@Warren: I had no reference readily available, which is why I was careful to include the "imo" in my comments. It's just an opinion I've come to over time based on 3 things primarily: 1) info I've seen before such as the article twoonefive posted, 2) my own personal experience of the effects of nicotine as well as the effects others say it has on them, and 3) my perception (based on countless articles and interviews I've read and heard over the years) of the nature of the beast that is the pharmaceutical industry and the extent of its power and influence regarding such issues.
Perhaps I should have inserted an additional "imo" at the end of my statement, but I figured one was enough.

 

pipestud

Preferred Member
Dec 6, 2012
1,717
2
Robinson, TX.
My doctor told me that nicotine can be beneficial and he has no problems with me smoking a pipe as long as I don't inhale. He further advised me that rinsing my mouth out after each bowl would be helpful. - Ray47
Dang Ray, I'd be spending all day at my bathroom sink. Don't dentists ever recommend anythings besides rinsing?

 

jeepnewbie

Preferred Member
Jul 12, 2013
872
0
Byron
I had been thinking about this earlier. Talking with a few folks that are surprised when they see me with a pipe and ask if its addictive. I tell them no, that I spend more money on pipes and working on them then I do smoking them, lol. On a serious note though I tell them I don't need it to get by on a daily basis, like cigarette smokers do. I say I tried coffin nails and get sick when I use them. I honestly think the chemicals in the coffin nails are the addictive part.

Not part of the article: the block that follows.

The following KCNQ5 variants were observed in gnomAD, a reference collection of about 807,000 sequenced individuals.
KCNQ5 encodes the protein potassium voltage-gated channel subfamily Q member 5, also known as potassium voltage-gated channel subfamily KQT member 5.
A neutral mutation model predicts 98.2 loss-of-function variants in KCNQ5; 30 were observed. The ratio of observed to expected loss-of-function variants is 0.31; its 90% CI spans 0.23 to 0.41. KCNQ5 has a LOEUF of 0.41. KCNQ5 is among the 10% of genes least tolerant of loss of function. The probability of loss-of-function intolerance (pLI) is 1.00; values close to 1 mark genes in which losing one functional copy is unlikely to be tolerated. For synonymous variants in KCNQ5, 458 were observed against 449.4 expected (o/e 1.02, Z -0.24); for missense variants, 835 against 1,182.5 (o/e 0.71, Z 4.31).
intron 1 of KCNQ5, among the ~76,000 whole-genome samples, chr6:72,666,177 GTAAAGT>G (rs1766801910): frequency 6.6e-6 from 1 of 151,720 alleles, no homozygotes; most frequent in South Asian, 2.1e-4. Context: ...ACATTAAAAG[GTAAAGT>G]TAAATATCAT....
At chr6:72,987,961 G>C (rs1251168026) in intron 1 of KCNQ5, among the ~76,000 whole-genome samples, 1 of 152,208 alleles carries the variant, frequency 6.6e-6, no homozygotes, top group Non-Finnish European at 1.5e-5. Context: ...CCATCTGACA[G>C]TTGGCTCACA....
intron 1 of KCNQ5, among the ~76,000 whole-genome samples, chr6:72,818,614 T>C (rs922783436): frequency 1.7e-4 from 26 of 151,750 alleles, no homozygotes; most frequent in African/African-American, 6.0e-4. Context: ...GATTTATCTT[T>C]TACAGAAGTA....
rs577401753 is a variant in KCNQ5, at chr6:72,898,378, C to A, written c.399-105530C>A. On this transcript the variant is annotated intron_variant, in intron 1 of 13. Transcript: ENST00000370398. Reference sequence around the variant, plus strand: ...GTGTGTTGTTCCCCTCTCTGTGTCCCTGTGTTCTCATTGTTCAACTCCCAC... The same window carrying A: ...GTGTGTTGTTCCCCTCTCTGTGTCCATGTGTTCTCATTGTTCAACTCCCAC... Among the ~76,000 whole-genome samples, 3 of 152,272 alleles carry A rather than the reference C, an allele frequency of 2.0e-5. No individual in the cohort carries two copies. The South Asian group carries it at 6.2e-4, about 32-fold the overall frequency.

andrew

Preferred Member
Feb 13, 2013
2,883
0
Vitamin B is derived from Nicotonic acid, it's also been proven to slow Alzheimer disease as well as help Parkinsons

http://www.sott.net/article/195249-Warning-Nicotine-Seriously-Improves-Health

 

stickframer

Preferred Member
Apr 11, 2015
870
0
I saw an article a while ago about some possible benefits of nicotine. I was doing some research on Snus at the time.
On thing I recall is that nicotine can temporarily increase alertness and energy, and that taking nicotine could help athletes before a race or something to that effect.
Damn it now I've gotta find the article. :puffy:
edit: hey jeep, I dont really know the science behind it, but cigs are engineered to be more addictive and therefore harder to quit.

 

brian64

Preferred Member
Jan 31, 2011
5,117
17
Here's something for your perusal Warren:
The pharmaceutical interests supporting Tobacco Control
http://tctactics.org/index.php/Pharma

 

warren

Preferred Member
Sep 13, 2013
7,342
12
For certain addictive personalities, nicotine is very addictive. The rush becomes a mental necessity. There are physical addictions and psychological. Let's not mix them up in the discussion.
brian: Sorry about that. All these little initial things are pretty much ignored by my brain. I don't know if they are typos or code for something.
And, of course the companies support controlling tobacco, they are making millions off the gums, patches, etc. I've got a bit of pharmaceutical stocks in my portfolio. But, my opinion still leans towards synthetic nicotine as there would be no dependency on agriculture for the drug. Cheaper, with a steady supply, no worries about the weather impact.

 

perdurabo

Preferred Member
Jun 3, 2015
2,773
10
Does the brain acknowledge the chemical? If yes, then we are talking hard wiring. So of course it's healthy, it's a natural occurrence.

 

stickframer

Preferred Member
Apr 11, 2015
870
0
Here's the first paragraph from the I posted.
One of the reasons tobacco became so popular in the 1600s, along with tea & coffee (for their caffeine), was that nicotine is a powerful stimulant. Obvious enough; it affects tons of systems. Less obvious is that nicotine has many beneficial effects (and these benefits may be related to anomalous smoking results1); the infamous deadliness of smoking would seem to be almost solely from the smoke, not the nicotine. Even less obvious is that nicotine itself may not be especially addictive, and its addictiveness is genetically modulated2.